By: Leah Farish
For the approximately 8,000 Christians living in Muslim-majority Morocco, restrictions on religious freedom are not as severe as in many other Muslim cultures, but are still an everyday source of instability, fear, and alienation. In recent interviews summarized below, Moroccan Christians spoke out about how this persecution severely limits not only their right to worship freely and openly, but also their ability to engage in economic activity and contribute to the social flourishing of their communities.
Although Morocco is a signatory to the International Covenant on Civil and Political Rights, which gives adherents the right to practice and manifest their faith, Morocco interprets that through the lens of their penal code’s Article 220, which criminalizes proselytizing. Expatriates are given more latitude in the Kingdom, though a large deportation of foreign nationals was carried out in March of 2010. Sub-Saharan Africans are allowed greater religious liberty within Morocco than are Arab Berber, Sahrawi, or ethnic Moroccans, and can be seen worshipping at their own churches openly on Sunday mornings in any large city. Christian black Africans seem to be largely ignored, as a function of anti-black prejudice.
Additionally, Morocco’s well-liked monarch, King Mohammed VI, claims direct descent from the Prophet Mohammed and as such is defender-in-chief of the Muslim faith. While his reign has been commendably enlightened in many important respects, complaints against the King are illegal. Some Moroccans say that the King has recently faced pressure, from a strident Muslim element in his Parliament, to muzzle minority faiths.
Over the last year and a half, Moroccan Christian adult citizens, 29 in all, were asked open-ended questions about their lives under Moroccan rule. Legal prohibitions—combined with Moroccan Christians’ experience of social ostracism, workplace discrimination, and government suspicion and punishment—made these interviews difficult to conduct and somewhat dangerous for the participants.. The respondents included schoolteachers, a university professor, an engineer, a physician, homemakers, small business owners, shopkeepers, and laborers.
What would your church or ministry be like if restrictions on their faith were not in place?
Some unique answers included “I would sing loudly”  and “Maybe some of us will involve in politics”; one would start a school, adding, “We would put a cross up in that school.” Nine said they would have a building for their church ; 16 said the church would grow or grow “very fast”; nine said they would open a school; six said the church would start a business to help support itself; ten said they would do “social work;” and a total of eight others specified such desired projects as opening an adult training center, to offer things like parenting classes, literacy classes, counseling, and job training. Eight responses assured us that they would in essence be able to have “a great impact on society” or words to that effect, if given more freedom. One said, “I could go back to my village and teach about health.” A place to have large gatherings, somewhere to go and “pray any time,” and a place to “be able to welcome Muslim friends” interested six.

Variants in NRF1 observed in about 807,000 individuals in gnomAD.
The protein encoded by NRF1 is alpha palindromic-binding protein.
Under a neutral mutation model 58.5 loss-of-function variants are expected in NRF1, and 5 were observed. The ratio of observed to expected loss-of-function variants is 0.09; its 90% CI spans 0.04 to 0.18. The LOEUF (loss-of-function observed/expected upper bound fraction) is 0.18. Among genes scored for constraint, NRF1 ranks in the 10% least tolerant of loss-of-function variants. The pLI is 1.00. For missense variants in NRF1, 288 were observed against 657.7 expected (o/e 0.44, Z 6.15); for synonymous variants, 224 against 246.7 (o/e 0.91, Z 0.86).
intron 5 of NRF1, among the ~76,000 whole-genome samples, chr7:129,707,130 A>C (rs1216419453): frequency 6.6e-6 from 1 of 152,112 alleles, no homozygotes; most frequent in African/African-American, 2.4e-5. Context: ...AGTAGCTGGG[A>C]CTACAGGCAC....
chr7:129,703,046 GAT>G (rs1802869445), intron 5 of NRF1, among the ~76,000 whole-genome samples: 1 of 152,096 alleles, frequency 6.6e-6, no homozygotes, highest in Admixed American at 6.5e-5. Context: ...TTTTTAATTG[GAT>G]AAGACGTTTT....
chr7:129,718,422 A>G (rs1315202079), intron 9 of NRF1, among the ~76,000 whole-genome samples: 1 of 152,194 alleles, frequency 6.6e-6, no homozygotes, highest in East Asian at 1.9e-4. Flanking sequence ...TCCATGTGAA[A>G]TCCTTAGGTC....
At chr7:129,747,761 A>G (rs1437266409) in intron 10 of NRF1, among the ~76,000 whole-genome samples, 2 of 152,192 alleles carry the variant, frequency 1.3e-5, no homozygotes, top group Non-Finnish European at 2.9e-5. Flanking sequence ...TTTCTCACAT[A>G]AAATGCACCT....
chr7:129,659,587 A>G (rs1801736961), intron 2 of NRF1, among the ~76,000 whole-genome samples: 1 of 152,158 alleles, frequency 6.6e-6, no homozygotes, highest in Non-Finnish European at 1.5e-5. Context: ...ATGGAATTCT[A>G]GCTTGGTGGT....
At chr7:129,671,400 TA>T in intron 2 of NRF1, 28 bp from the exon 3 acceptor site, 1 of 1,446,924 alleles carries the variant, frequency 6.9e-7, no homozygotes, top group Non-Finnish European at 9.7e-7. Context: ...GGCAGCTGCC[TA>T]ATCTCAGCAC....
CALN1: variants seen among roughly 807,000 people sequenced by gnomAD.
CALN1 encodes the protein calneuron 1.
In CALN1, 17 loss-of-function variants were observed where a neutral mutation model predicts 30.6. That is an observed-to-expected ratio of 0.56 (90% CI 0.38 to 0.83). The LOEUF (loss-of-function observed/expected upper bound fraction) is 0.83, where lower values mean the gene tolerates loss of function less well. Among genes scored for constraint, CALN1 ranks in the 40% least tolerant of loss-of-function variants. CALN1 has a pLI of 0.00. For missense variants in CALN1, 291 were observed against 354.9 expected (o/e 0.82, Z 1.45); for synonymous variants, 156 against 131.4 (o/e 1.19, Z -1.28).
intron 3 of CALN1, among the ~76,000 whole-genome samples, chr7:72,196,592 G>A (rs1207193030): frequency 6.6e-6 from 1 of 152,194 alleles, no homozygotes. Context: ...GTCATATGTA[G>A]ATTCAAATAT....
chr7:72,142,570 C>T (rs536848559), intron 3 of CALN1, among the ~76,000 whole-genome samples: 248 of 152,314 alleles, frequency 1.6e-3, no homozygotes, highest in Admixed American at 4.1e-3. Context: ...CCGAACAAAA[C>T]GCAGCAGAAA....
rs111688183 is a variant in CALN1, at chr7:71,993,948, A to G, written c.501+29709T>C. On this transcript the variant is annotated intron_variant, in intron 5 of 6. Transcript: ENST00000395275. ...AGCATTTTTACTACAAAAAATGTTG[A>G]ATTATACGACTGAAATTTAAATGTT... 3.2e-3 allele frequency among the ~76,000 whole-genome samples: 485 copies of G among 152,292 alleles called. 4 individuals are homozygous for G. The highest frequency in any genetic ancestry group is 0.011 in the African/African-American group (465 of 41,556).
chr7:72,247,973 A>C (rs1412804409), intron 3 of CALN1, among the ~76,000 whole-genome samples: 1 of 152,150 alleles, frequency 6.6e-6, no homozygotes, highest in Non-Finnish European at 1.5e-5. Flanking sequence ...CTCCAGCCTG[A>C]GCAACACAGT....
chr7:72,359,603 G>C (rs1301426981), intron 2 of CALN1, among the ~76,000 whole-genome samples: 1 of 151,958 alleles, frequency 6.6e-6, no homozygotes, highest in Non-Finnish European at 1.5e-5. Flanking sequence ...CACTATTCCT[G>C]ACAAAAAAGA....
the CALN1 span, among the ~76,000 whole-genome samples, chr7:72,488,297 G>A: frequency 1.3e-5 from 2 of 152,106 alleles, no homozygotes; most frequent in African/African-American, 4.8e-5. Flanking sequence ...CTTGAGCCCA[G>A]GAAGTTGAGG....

Does persecution affect your future plans?
As Francis Fukuyama has observed, trust is necessary for certain kinds of economic development and for large, ambitious projects. Many Moroccan Christians live in distrust and instability. Of the 29 respondents, 16 said it was hard to make long-term plans, with four others making similar statements such as that persecution kept them from having “a clear vision” of the future. Six indicated that they move often to avoid detection or the consequences of practicing their faith, and 12 said they were essentially watching for opportunities to leave the country. Two volunteered that they have no savings or insurance. One said, “We are very few, and fear to enter in business relations with other people.” For a cohesive and sociable society like Morocco, these are the poignant statements of outsiders. As Anthony Gill and Timothy Shah have noted, religious freedom attracts (and retains) human capital and other resources, including merchants. This survey portends a potential drain on Morocco’s resources if religious freedom is not enhanced.
Having children is one of the primary reasons people plan for the future and work for better economic conditions. Moroccan Christians see a dark future for their little ones, and face daily dilemmas about how to rear them. As one parent says, “For sure they grow in fear and are careful not to reveal their faith to others.” Parents say they don’t expect their children to get significant opportunities in Moroccan schools or jobs if they are known Christians, thus propelling them in the direction of the United States or Europe.